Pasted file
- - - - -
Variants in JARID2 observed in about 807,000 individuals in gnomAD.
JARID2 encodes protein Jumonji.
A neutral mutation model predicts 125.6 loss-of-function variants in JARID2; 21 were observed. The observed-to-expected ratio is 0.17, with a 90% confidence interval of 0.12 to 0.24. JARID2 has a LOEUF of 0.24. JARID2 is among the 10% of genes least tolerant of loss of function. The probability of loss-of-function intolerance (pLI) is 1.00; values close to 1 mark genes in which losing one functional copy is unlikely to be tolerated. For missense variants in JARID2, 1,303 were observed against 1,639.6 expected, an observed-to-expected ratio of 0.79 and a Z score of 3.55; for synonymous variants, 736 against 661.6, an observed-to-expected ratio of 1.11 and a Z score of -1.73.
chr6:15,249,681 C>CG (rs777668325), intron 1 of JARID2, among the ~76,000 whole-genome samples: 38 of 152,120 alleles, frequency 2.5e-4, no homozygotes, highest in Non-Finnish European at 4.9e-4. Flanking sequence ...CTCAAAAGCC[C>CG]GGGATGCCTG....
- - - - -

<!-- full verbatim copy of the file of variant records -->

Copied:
Variants in JARID2 observed in about 807,000 individuals in gnomAD.
JARID2 encodes protein Jumonji.
A neutral mutation model predicts 125.6 loss-of-function variants in JARID2; 21 were observed. The observed-to-expected ratio is 0.17, with a 90% confidence interval of 0.12 to 0.24. JARID2 has a LOEUF of 0.24. JARID2 is among the 10% of genes least tolerant of loss of function. The probability of loss-of-function intolerance (pLI) is 1.00; values close to 1 mark genes in which losing one functional copy is unlikely to be tolerated. For missense variants in JARID2, 1,303 were observed against 1,639.6 expected, an observed-to-expected ratio of 0.79 and a Z score of 3.55; for synonymous variants, 736 against 661.6, an observed-to-expected ratio of 1.11 and a Z score of -1.73.
chr6:15,249,681 C>CG (rs777668325), intron 1 of JARID2, among the ~76,000 whole-genome samples: 38 of 152,120 alleles, frequency 2.5e-4, no homozygotes, highest in Non-Finnish European at 4.9e-4. Flanking sequence ...CTCAAAAGCC[C>CG]GGGATGCCTG....